Californians who are plugged into the Internet -- already more than four in 10 registered voters -- are enjoying an unprecedented explosion of information sources this year as cyber-technology helps to reshape the electoral process. (continued)

March 6, 1998 -- Big-time California politics moves to Net
Article by Craig Menefee for Newsbytes News Network

SACRAMENTO, CALIFORNIA, U.S.A., 1998 MAR 6 (NB) -- The nonprofit California Voter Foundation (CVF) says 60 percent of California's statewide candidates now have campaign sites on the World Wide Web, a major turnabout from previous elections. Also, of the five main ballot measures to be voted on in November, only one lacks a related Web site, the foundation says. (continued)

Februrary 24, 1998 -- Managing Director at the California Voter Foundation
Feature story in Hotwired's Dream Jobs, by Sarah Miles

"This is our first serious job announcement," admits Kim Alexander, the human hurricane behind the California Voter Foundation, a nonprofit information service she invented four years ago with the modest goal of revolutionizing state politics. "We're about to enter a major growth period - we think we can be the PBS of the Internet." (continued)

February, 1998 -- The Tube, the Web and the Voter
By Jack Kavanaugh, for Political Pulse

It's no secret the television audience is shrinking. That not only worries television executives, it also has political implications. Television is, after all, the primary source of information for voters. So, what's the trend? And what does the trend mean? Ask Kim Alexander.

After working with Common Cause, Kim established the non-partisan CaliforniaVoter Foundation just as Internet technology began to emerge and spread.That was four years ago, now Kim is a recognized national expert on the role of the internet in politics. (continued)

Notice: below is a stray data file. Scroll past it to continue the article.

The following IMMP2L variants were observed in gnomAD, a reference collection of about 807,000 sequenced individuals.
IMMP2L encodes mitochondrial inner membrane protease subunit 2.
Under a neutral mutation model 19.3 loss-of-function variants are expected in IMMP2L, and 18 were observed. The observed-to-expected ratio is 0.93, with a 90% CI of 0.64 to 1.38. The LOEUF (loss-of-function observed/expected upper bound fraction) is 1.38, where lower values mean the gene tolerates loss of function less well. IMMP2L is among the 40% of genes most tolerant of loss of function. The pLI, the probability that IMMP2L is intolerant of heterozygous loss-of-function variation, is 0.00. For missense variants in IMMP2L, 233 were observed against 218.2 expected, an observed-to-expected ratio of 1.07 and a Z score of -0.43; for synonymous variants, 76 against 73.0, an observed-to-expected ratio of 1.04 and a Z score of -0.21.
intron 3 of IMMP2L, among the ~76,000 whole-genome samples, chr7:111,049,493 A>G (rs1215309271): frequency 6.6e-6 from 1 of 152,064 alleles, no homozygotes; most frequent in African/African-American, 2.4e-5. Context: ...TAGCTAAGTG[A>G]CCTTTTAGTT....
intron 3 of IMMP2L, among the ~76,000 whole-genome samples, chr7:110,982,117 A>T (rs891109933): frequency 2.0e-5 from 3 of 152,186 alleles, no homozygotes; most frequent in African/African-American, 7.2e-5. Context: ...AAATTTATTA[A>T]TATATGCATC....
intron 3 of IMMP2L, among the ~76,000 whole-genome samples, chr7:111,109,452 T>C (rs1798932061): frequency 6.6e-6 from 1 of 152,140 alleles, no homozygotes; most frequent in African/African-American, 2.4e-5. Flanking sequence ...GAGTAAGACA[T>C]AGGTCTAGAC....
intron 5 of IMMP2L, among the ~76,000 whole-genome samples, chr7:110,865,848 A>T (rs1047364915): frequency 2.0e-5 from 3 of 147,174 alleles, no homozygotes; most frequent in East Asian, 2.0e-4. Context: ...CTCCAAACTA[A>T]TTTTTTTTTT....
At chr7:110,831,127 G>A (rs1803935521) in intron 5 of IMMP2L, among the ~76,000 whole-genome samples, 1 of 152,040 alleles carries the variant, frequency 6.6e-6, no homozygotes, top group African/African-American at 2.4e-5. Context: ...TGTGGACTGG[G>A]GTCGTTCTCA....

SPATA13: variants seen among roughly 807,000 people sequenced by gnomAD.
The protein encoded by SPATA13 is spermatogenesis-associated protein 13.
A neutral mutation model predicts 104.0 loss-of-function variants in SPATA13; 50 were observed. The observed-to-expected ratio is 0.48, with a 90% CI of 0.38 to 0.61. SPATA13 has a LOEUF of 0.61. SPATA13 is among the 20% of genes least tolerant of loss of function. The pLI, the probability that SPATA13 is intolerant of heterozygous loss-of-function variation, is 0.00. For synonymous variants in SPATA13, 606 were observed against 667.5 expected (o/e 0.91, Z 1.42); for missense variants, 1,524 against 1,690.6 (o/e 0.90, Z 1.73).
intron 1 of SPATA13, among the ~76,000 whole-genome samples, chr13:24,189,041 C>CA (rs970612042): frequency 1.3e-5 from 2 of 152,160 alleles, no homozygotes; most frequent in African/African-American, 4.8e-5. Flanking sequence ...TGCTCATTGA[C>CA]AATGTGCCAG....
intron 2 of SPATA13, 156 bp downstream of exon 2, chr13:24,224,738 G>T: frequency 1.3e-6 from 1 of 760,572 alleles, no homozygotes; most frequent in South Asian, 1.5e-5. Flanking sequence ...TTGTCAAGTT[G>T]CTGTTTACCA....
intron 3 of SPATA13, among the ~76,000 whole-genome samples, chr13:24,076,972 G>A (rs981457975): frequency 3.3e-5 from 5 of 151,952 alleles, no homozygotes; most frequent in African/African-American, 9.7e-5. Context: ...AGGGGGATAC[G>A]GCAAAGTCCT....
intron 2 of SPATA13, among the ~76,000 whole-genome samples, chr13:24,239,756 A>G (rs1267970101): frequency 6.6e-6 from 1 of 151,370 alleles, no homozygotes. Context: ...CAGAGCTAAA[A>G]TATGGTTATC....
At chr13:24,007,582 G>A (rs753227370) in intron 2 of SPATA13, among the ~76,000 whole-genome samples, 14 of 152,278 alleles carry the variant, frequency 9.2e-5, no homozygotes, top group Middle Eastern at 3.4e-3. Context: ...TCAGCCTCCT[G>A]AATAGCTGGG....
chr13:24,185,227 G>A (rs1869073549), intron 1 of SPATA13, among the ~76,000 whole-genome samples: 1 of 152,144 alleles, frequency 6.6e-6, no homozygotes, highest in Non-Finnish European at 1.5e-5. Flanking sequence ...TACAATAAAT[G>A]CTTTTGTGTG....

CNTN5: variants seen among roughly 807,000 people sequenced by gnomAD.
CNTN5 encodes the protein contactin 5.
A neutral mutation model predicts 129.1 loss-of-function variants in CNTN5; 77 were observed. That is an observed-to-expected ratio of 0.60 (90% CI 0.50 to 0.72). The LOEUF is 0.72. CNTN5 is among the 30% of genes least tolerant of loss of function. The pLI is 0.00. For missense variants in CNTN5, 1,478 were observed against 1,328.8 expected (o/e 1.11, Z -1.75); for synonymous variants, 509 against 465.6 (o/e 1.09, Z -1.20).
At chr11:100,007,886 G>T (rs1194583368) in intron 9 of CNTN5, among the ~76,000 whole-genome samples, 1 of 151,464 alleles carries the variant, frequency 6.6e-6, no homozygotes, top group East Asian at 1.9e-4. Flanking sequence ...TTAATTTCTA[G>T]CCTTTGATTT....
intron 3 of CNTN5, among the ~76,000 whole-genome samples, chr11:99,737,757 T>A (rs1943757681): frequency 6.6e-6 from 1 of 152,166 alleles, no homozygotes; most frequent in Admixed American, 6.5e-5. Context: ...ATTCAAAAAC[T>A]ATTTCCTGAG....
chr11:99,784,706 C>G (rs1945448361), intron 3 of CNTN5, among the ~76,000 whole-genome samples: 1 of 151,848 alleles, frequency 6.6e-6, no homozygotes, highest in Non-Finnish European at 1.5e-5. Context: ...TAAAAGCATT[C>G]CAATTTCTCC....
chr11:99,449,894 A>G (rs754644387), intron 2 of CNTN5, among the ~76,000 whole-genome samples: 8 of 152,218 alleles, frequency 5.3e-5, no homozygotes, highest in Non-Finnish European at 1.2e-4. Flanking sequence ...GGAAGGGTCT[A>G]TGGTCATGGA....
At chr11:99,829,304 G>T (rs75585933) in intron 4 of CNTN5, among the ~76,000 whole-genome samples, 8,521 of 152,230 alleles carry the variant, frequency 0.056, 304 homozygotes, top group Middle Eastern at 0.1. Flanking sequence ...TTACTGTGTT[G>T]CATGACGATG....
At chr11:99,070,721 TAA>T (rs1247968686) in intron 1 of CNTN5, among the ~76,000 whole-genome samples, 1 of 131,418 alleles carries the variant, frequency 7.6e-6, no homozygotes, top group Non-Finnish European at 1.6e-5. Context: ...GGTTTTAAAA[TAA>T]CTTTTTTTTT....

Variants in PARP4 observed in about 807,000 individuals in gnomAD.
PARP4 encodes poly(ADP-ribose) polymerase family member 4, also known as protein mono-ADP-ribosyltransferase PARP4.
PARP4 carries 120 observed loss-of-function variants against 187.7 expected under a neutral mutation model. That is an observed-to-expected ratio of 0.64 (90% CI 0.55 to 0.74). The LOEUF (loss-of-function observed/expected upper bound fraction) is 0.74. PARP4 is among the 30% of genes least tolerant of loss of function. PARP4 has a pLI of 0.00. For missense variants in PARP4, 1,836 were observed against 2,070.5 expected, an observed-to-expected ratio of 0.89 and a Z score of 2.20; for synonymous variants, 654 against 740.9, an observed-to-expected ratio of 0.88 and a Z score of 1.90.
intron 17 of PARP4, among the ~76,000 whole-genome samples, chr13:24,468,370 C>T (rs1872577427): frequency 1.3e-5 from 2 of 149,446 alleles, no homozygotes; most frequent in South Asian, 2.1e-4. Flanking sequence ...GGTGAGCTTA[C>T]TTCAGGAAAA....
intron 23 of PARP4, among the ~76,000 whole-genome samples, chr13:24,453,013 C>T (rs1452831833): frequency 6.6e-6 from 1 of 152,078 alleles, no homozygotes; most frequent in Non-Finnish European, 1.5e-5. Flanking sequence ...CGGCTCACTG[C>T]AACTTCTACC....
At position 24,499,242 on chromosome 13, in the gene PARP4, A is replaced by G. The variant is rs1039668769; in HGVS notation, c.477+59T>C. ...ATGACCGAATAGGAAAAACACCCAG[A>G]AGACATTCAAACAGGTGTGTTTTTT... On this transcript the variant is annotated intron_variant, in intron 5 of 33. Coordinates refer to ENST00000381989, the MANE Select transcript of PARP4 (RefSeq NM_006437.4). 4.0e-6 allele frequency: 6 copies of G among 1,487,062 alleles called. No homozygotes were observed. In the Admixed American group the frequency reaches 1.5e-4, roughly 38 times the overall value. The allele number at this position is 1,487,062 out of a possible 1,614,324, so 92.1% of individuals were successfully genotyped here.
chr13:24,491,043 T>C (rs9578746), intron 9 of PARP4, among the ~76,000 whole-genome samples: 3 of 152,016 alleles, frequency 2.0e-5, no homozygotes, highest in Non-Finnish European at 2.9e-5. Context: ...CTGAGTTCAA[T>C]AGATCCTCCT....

October 15, 1997 -- Political reform the old-fashioned way
Column by Peter Schrag, Sacramento Bee

It's been a truism among political moralists that the only way to enact any significant reform is through voter initiatives. Indeed, some reformers think that probably the best reason for having the initative at all is to clean up the campaign and elections process. (continued)

October 15, 1997 -- Californians will gain easy, computerized access to political disclosure records
Editorial, San Jose Mercury News

t's about time.

After three years, the Legislature and Gov. Wilson have enacted a law that will shed digital sunlight on who gives what to whom in state campaigns.

Campaign financing is complex, but if SB 49 is put in place as envisioned, getting the information will be as easy as entering a query into a computer search engine. That's miles ahead of driving to Sacramento to thumb through thousands of paper files before making copies at a dime a page. (continued)

October, 1997 -- Campaign finance reform goes public -- Kim Alexander is leading a crusade to electrify the electorate
Article by Rob Riddell, The Web Magazine

ne day in 1976, when she was 11 years old, Kim Alexander's father baffled her. Richard Alexander was at home, in the midst of a reelection campaign as a Culver City, California city councilman when a man knocked on the door and offered him a $500 contribution. Her father turned the man away.

"I asked him why he said no to so much money," Alexander recalls. "He said, 'I don't know that man, I don't like him, and I don't want him to think I owe him anything.'"

Alexander turns her demanding blue eyes on me: "Can you imagine a candidate for state or federal office turning down a big contribution for any reason today?" (continued)

October 14, 1997 -- Electronic sunshine: Campaign disclosure on the Internet is a real reform
Editorial, Sacramento Bee

fter years of resistance, the California Legislature has finally approved and Gov. Pete Wilson has signed into law a bill to put campaign finance records on the Internet. The bill, SB 49, authored by Sen. Betty Karnette, is easily the most important political campaign reform of the decade.